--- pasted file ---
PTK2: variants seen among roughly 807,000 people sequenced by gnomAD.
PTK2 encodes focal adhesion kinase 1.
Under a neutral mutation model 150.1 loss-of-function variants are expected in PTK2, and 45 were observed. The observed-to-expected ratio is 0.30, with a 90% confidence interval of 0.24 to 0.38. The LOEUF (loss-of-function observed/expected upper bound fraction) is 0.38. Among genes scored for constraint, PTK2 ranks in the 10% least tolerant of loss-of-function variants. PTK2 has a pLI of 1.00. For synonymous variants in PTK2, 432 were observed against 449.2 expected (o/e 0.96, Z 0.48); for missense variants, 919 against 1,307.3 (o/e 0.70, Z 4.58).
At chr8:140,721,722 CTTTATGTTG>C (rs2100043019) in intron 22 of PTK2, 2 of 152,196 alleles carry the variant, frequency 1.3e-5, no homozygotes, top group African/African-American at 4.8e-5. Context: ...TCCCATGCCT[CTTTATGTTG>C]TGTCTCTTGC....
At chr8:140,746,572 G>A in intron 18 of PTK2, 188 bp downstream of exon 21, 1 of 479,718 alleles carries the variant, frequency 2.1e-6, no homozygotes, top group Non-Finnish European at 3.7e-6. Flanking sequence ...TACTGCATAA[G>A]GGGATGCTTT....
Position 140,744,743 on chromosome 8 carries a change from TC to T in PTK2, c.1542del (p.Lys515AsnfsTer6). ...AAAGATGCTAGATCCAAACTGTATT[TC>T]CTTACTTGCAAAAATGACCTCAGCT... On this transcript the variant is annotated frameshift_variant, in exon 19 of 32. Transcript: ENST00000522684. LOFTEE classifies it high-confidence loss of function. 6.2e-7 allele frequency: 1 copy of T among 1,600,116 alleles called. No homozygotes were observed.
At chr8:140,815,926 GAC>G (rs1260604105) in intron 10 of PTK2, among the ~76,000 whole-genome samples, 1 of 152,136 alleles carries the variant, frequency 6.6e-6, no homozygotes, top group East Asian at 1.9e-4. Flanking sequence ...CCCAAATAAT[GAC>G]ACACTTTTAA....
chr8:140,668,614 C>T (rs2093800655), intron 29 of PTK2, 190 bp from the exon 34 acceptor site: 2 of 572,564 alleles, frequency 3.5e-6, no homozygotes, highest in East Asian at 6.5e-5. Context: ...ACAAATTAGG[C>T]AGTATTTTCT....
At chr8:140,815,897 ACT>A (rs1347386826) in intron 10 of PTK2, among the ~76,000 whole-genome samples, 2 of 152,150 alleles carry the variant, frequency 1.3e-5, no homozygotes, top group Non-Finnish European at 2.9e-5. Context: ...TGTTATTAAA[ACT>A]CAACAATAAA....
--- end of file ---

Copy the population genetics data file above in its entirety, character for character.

PTK2: variants seen among roughly 807,000 people sequenced by gnomAD.
PTK2 encodes focal adhesion kinase 1.
Under a neutral mutation model 150.1 loss-of-function variants are expected in PTK2, and 45 were observed. The observed-to-expected ratio is 0.30, with a 90% confidence interval of 0.24 to 0.38. The LOEUF (loss-of-function observed/expected upper bound fraction) is 0.38. Among genes scored for constraint, PTK2 ranks in the 10% least tolerant of loss-of-function variants. PTK2 has a pLI of 1.00. For synonymous variants in PTK2, 432 were observed against 449.2 expected (o/e 0.96, Z 0.48); for missense variants, 919 against 1,307.3 (o/e 0.70, Z 4.58).
At chr8:140,721,722 CTTTATGTTG>C (rs2100043019) in intron 22 of PTK2, 2 of 152,196 alleles carry the variant, frequency 1.3e-5, no homozygotes, top group African/African-American at 4.8e-5. Context: ...TCCCATGCCT[CTTTATGTTG>C]TGTCTCTTGC....
At chr8:140,746,572 G>A in intron 18 of PTK2, 188 bp downstream of exon 21, 1 of 479,718 alleles carries the variant, frequency 2.1e-6, no homozygotes, top group Non-Finnish European at 3.7e-6. Flanking sequence ...TACTGCATAA[G>A]GGGATGCTTT....
Position 140,744,743 on chromosome 8 carries a change from TC to T in PTK2, c.1542del (p.Lys515AsnfsTer6). ...AAAGATGCTAGATCCAAACTGTATT[TC>T]CTTACTTGCAAAAATGACCTCAGCT... On this transcript the variant is annotated frameshift_variant, in exon 19 of 32. Transcript: ENST00000522684. LOFTEE classifies it high-confidence loss of function. 6.2e-7 allele frequency: 1 copy of T among 1,600,116 alleles called. No homozygotes were observed.
At chr8:140,815,926 GAC>G (rs1260604105) in intron 10 of PTK2, among the ~76,000 whole-genome samples, 1 of 152,136 alleles carries the variant, frequency 6.6e-6, no homozygotes, top group East Asian at 1.9e-4. Flanking sequence ...CCCAAATAAT[GAC>G]ACACTTTTAA....
chr8:140,668,614 C>T (rs2093800655), intron 29 of PTK2, 190 bp from the exon 34 acceptor site: 2 of 572,564 alleles, frequency 3.5e-6, no homozygotes, highest in East Asian at 6.5e-5. Context: ...ACAAATTAGG[C>T]AGTATTTTCT....
At chr8:140,815,897 ACT>A (rs1347386826) in intron 10 of PTK2, among the ~76,000 whole-genome samples, 2 of 152,150 alleles carry the variant, frequency 1.3e-5, no homozygotes, top group Non-Finnish European at 2.9e-5. Context: ...TGTTATTAAA[ACT>A]CAACAATAAA....